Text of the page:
Some have small counter enclaves inside them, Whyte wrote. There is even one tiny Indian enclave inside a Bangladeshi enclave inside an Indian enclave inside Bangladesh.
According to popular legend, the enclaves were created when two chess-playing royals gambled away villages from their kingdoms. But Whyte and other historians say their creation is rooted in 18th Century fighting between the kingdom of Cooch Behar and the Mughal Empire. A treaty set boundaries, but some feudal lords in Mughal territory remained loyal to Cooch Behar and vice versa, leading to the enclaves.
When the subcontinent fell under British rule, this quirk didn't matter much. But when the region was partitioned between India and Pakistan at independence in 1947, the border kingdom of Cooch Behar joined India, leaving thousands of its now-Indian subjects trapped in East Pakistan and thousands of Pakistanis trapped in India.
After India helped Bangladesh secede from Pakistan in the 1971 war, the two nations developed close ties and signed a 1974 treaty that would have resolved the problem. But India never ratified the treaty and independence leader Sheikh Mujibur Rahman was assassinated in a 1975 military coup, torpedoing the plan and ushering in an era of icy relations.
New Delhi complained of millions of illegal Bangladeshi immigrants and accused Dhaka of giving sanctuary to myriad insurgent groups leading violent rebellions against Indian rule in its northeastern states. Dhaka complained of its massive trade deficit with India and accused New Delhi of stealing its water.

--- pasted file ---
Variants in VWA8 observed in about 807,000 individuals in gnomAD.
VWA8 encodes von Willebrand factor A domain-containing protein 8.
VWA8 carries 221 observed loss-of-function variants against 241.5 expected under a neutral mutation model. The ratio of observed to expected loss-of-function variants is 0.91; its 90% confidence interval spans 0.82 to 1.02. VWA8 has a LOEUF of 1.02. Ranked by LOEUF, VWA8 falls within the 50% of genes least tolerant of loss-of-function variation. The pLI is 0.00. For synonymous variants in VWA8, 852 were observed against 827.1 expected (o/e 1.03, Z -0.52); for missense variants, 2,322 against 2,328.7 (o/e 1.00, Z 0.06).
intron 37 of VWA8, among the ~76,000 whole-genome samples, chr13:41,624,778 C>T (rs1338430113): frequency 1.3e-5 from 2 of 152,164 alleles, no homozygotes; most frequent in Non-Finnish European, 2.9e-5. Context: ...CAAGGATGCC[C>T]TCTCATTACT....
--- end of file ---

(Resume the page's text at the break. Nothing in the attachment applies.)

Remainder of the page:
Singh and Bangladesh Prime Minister Sheikh Hasina, Mujibur's daughter, have been working to fix this over the past two years.
Bangladesh cracked down on the Indian insurgents, a move that forced many of the groups to the negotiating table with India.
India gave Bangladesh a $1 billion loan, raised quotas on textile imports and appears ready to resolve the water dispute.
"The desire on both sides is to bring about a qualitative change in the relationship," said Vishnu Prakash, India's foreign ministry spokesman.
While India still has major border disagreements with Pakistan and China, it is hoping to resolve nearly all its issues with Bangladesh in time for Singh's two-day visit.
The plan entails each country absorbing the enclaves inside its territory and giving citizenship to the residents or allowing them to move to their home country, where they would be provided new homes, Indian Home Minister Palaniappan Chidambaram told Parliament last month.
As Muslims, the villagers in Votbari feel closer to Bangladesh than Hindu-majority India, and many say they will stay right where they are.
"We are all united in wanting to be part of Bangladesh," Ali said. "We are Muslims. They are also Muslims. So they have feelings for us. They are like our brothers."
Nurul Amin, 26, who was forced to start driving a bicycle rickshaw at the age of 12 to support his family, hopes the deal will bring a brighter future for his two daughters, aged 5 and 3.
"I want to educate my two children. I don't want them to live a life like me," he said.
Nessman reported from New Delhi.